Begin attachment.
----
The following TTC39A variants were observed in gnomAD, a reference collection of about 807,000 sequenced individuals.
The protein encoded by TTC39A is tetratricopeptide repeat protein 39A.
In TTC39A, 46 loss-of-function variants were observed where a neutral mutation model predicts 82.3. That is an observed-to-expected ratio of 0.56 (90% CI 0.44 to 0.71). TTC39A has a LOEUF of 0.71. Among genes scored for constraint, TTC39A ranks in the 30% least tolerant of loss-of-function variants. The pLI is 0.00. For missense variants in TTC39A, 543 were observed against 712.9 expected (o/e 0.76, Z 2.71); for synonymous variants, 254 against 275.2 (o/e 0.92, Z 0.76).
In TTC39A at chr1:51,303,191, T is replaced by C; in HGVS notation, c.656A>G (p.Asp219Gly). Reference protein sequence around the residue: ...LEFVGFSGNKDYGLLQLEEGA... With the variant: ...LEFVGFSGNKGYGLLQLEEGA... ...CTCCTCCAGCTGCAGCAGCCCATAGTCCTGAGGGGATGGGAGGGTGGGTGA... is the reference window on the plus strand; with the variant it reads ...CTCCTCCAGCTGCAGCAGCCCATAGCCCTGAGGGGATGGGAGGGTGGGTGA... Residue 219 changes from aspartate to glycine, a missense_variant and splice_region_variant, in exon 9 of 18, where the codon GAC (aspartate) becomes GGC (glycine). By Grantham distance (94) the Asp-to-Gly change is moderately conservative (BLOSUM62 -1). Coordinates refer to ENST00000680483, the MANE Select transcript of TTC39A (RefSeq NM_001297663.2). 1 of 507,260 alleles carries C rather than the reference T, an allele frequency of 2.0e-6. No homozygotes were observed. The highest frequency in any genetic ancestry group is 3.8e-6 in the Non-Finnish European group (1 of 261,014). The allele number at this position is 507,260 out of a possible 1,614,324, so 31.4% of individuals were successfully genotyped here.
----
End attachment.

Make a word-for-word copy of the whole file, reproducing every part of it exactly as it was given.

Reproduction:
The following TTC39A variants were observed in gnomAD, a reference collection of about 807,000 sequenced individuals.
The protein encoded by TTC39A is tetratricopeptide repeat protein 39A.
In TTC39A, 46 loss-of-function variants were observed where a neutral mutation model predicts 82.3. That is an observed-to-expected ratio of 0.56 (90% CI 0.44 to 0.71). TTC39A has a LOEUF of 0.71. Among genes scored for constraint, TTC39A ranks in the 30% least tolerant of loss-of-function variants. The pLI is 0.00. For missense variants in TTC39A, 543 were observed against 712.9 expected (o/e 0.76, Z 2.71); for synonymous variants, 254 against 275.2 (o/e 0.92, Z 0.76).
In TTC39A at chr1:51,303,191, T is replaced by C; in HGVS notation, c.656A>G (p.Asp219Gly). Reference protein sequence around the residue: ...LEFVGFSGNKDYGLLQLEEGA... With the variant: ...LEFVGFSGNKGYGLLQLEEGA... ...CTCCTCCAGCTGCAGCAGCCCATAGTCCTGAGGGGATGGGAGGGTGGGTGA... is the reference window on the plus strand; with the variant it reads ...CTCCTCCAGCTGCAGCAGCCCATAGCCCTGAGGGGATGGGAGGGTGGGTGA... Residue 219 changes from aspartate to glycine, a missense_variant and splice_region_variant, in exon 9 of 18, where the codon GAC (aspartate) becomes GGC (glycine). By Grantham distance (94) the Asp-to-Gly change is moderately conservative (BLOSUM62 -1). Coordinates refer to ENST00000680483, the MANE Select transcript of TTC39A (RefSeq NM_001297663.2). 1 of 507,260 alleles carries C rather than the reference T, an allele frequency of 2.0e-6. No homozygotes were observed. The highest frequency in any genetic ancestry group is 3.8e-6 in the Non-Finnish European group (1 of 261,014). The allele number at this position is 507,260 out of a possible 1,614,324, so 31.4% of individuals were successfully genotyped here.